The red wolf, Canis rufus, currently exists only as a small population in one part of North Carolina. It’s listed under the International Union for Conservation of Nature (IUCN) as critically endangered, which means it’s one step away from being extinct in the wild.
That’s why it strikes us as odd that, hidden in a Senate report related to funding for the Department of the Interior, is an order to end the red wolf recovery program that’s currently being run by the federal government.
“The Committee acknowledges the North Carolina Wildlife Resources Commission’s request that the [Fish and Wildlife] Service end the Red Wolf recovery program and declare the Red Wolf extinct,” it said.
It cites impacts on “landowners and other species” as being the reason, also noting that “the program has failed to meet population goals for the red wolf.” The text contains no citations to any research that backs up these claims.
“The Committee encourages the Service to consider ending the program in fiscal year 2018,” it concludes.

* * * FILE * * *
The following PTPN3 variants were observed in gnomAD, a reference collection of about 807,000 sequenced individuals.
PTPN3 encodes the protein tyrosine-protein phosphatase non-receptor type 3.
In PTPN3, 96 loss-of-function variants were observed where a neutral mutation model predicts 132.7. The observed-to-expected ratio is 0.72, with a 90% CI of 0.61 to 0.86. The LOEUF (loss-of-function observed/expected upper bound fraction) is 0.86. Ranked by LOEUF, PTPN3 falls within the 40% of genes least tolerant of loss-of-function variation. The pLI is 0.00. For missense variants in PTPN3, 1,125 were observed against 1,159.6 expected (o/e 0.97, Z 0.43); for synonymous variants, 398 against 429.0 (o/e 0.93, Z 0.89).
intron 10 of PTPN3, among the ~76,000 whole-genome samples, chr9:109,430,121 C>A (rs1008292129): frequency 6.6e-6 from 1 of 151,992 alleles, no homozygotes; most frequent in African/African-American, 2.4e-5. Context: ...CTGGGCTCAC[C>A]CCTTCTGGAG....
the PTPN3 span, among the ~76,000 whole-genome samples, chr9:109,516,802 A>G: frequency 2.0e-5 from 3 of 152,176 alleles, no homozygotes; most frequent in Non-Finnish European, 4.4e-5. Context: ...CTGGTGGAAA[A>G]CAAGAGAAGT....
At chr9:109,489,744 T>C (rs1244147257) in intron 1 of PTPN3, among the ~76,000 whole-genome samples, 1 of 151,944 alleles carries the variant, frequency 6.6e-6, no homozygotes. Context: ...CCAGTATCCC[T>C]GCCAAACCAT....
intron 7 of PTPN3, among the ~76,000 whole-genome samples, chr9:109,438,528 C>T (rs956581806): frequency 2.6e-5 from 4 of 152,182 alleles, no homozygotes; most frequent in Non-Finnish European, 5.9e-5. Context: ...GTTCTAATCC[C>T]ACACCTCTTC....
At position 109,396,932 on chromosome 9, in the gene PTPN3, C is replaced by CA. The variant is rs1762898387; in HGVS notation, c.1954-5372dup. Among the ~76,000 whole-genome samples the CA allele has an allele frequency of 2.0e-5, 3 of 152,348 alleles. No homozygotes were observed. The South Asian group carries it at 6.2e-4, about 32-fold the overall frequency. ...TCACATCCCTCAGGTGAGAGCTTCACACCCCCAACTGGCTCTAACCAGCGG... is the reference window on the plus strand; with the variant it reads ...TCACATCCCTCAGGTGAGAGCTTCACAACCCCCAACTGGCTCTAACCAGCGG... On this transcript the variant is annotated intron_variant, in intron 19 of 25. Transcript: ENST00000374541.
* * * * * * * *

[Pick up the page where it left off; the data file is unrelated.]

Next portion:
Right now, thanks to habitat destruction in the 1960s, there are only around 45 to 60 red wolves left in the wild. They had to be reintroduced after an extensive breeding program succeeded in bringing them back from being extinct in the wild in 1987.
At the time of writing, it still says on the Fish and Wildlife Service (FWS) website that red wolves are “one of the world’s most endangered wild canids.”
“Currently, adaptive management efforts are making good progress in…building the wild red wolf population in northeastern North Carolina,” it adds.
Despite this, the aforementioned North Carolina Wildlife Resource Commission has for several years now wanted to end the recovery program for the reasons cited in the report. Landowners and hunters generally support the move to push red wolves into extinction.
Most scientists and conservationists, however, disagree, and it seems the FWS has been on their side until the recent changing of the guard.